Looks like turbulent times lie ahead for the interest of the euro, as Italy finds itself in a major political mess, with the Senate in a state of deadlock after no party won a majority. The lower house, which will be controlled by Pier Luigi Bersani's center-left coalition, does little to help a recovery in sentiment.
the results show a fragmented Italian society, where almost 1/4 of the population failed to turn up at the polling stations, but most worrisome of all is the situation in the Senate, where even with Monti's support, neither Bersani's nor Grillo's party will be able to pass key laws it appears, thus heightening fears about the non-viability to pursue the same austeritarian path Italy had undertaken under Monti's technocrat government...
A temporary hung parliament through a grand coalition government it is now being rumored, according to WSJ and FT, though.
While the Wall Street Journal speculates that attempts for a temporary grand coalition government of left and right-wing powers may be possible, with the sole purpose of modifying Italy's electoral law and go back to vote before summer.
Meanwhile, Wolfgang Munchau, from the Financial Times, argues that the "case for a grand coalition in Italy" is strong. "The situation is not comparable to that of Greece, where after an initial election last year it was simply not possible to form a government. In Italy, by contrast, there exists a solution to break the political gridlock: a Grand Coalition. And if there is a rerun of these elections, the overall outcome may still be the same."
Will markets give the euro the benefit of the doubt? According to Westpac FX strategist Robert Rennie,
time will tell how workable this theory is, but having been badly burned overnight, financial markets will be in no mood to give the benefit of the doubt and wait for a grand coalition to be formed and possibly break apart.
Another important development from Monday's Italian election results is the growing discontent towards austerity measures, with the landslide defeat of Mario Monti's technocrat party reinforcing the idea of austerity policies playing against one's party. Moreover, another reason to be concerned is that a discredited and controversial politician like Silvio Berlusconi is still able to get significant support from the Italian electorate, a warning signal of the anti-austerity feeling shared all over Europe.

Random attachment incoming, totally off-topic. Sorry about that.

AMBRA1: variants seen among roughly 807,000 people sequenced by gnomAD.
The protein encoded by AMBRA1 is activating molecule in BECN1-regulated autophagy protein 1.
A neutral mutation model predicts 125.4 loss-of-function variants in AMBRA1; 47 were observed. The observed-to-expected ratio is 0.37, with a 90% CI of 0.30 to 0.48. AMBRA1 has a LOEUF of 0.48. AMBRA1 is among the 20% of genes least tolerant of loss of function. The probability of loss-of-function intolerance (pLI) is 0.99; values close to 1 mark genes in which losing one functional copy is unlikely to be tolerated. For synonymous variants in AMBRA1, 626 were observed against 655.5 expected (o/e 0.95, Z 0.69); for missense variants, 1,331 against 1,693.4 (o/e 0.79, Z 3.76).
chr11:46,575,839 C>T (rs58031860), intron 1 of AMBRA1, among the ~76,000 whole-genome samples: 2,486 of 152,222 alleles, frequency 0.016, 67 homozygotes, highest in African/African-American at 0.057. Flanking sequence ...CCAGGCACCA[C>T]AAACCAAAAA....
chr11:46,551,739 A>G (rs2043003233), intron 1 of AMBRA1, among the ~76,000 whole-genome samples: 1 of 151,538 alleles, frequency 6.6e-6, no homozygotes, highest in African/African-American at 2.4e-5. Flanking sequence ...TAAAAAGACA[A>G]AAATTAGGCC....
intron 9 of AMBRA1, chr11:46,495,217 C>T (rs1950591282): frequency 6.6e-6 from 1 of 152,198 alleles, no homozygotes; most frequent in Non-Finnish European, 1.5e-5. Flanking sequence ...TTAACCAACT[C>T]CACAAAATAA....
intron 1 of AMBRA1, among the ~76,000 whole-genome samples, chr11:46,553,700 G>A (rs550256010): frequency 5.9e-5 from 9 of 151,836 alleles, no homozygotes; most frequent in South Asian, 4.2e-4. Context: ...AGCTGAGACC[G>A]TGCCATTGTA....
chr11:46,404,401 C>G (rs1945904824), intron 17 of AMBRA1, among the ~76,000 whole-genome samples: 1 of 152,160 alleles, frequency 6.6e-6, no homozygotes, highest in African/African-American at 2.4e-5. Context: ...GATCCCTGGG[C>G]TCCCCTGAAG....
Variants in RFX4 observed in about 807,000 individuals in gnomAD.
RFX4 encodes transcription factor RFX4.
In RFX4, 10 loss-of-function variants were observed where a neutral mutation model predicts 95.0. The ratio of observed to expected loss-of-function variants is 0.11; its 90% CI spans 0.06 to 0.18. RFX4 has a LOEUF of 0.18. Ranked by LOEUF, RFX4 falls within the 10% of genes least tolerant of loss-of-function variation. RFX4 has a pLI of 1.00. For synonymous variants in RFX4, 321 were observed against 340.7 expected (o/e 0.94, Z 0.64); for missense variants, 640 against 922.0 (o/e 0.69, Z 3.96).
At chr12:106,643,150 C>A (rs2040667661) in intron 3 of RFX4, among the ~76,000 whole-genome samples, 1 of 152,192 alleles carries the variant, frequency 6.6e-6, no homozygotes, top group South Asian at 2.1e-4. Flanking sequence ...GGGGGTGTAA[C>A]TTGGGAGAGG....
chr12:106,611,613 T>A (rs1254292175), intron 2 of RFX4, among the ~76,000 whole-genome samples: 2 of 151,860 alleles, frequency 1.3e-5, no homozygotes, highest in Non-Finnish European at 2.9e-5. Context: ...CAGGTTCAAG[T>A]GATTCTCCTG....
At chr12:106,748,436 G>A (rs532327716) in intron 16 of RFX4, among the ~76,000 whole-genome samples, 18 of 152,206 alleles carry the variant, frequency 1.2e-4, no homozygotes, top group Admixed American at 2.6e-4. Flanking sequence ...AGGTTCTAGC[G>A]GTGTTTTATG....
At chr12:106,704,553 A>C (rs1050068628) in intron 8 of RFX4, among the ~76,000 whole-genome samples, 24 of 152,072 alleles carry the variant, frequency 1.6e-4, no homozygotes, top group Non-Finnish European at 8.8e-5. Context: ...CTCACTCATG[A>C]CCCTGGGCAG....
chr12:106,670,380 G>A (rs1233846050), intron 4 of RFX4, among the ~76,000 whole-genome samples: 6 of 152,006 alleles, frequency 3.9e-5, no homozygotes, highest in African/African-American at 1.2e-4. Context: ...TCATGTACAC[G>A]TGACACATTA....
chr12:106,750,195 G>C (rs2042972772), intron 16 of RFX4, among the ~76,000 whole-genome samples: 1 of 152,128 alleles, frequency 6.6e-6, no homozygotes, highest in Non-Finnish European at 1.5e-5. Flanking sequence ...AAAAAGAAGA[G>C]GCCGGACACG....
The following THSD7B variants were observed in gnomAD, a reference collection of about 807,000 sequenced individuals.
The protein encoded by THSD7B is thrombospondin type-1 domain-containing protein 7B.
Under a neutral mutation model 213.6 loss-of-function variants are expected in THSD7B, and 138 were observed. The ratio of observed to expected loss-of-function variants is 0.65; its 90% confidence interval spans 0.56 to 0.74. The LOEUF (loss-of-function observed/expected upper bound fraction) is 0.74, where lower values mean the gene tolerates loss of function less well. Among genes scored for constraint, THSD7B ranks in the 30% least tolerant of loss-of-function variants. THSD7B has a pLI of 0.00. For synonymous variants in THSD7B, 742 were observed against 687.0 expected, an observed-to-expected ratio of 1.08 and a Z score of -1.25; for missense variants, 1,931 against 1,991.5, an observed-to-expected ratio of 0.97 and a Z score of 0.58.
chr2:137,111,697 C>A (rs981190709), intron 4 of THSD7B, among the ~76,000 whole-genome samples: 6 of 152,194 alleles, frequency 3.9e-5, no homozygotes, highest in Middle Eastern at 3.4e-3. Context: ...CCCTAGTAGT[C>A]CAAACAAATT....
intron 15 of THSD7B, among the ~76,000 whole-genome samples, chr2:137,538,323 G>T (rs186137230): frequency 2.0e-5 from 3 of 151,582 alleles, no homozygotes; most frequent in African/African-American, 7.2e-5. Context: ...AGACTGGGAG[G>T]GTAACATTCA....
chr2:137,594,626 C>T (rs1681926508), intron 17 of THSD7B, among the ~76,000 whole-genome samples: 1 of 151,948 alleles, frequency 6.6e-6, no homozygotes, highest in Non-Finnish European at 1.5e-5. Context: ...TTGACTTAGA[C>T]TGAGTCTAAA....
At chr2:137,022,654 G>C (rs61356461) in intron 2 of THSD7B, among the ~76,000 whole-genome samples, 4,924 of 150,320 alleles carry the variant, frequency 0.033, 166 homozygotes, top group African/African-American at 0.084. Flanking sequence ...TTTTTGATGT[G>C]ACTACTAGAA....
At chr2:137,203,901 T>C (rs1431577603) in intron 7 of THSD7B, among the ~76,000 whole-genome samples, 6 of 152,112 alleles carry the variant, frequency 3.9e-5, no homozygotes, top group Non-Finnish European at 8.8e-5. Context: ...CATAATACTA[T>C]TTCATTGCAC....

Short-term talking though, attention towards Italy will need to be finely balanced with another risk event taking place at 15 GMT, when Fed Governor Ben Bernanke commences his 2-day testimony to Congress on monetary policy and on the economy on February 26 and 27. His comments will influence the volatility of the USD, and are expected to shed a light after the last Fed's minutes induced volatility, in which the USD rose strongly.
On the possible EUR/USD direction, Westpac's Mr. Rennie comments:
In our view, EUR probably still bounces into and during Bernanke's testimony later today. Bernanke is sure to push back against the hawks who have been fretting over the long-term costs of Fed asset purchases. He is likely to repeat that the Fed is still well short of its goals when it comes to the U.S. labor market as well. But, beyond a short-term pop in EUR there is no denying that the EUR is in a clear downtrend from early February.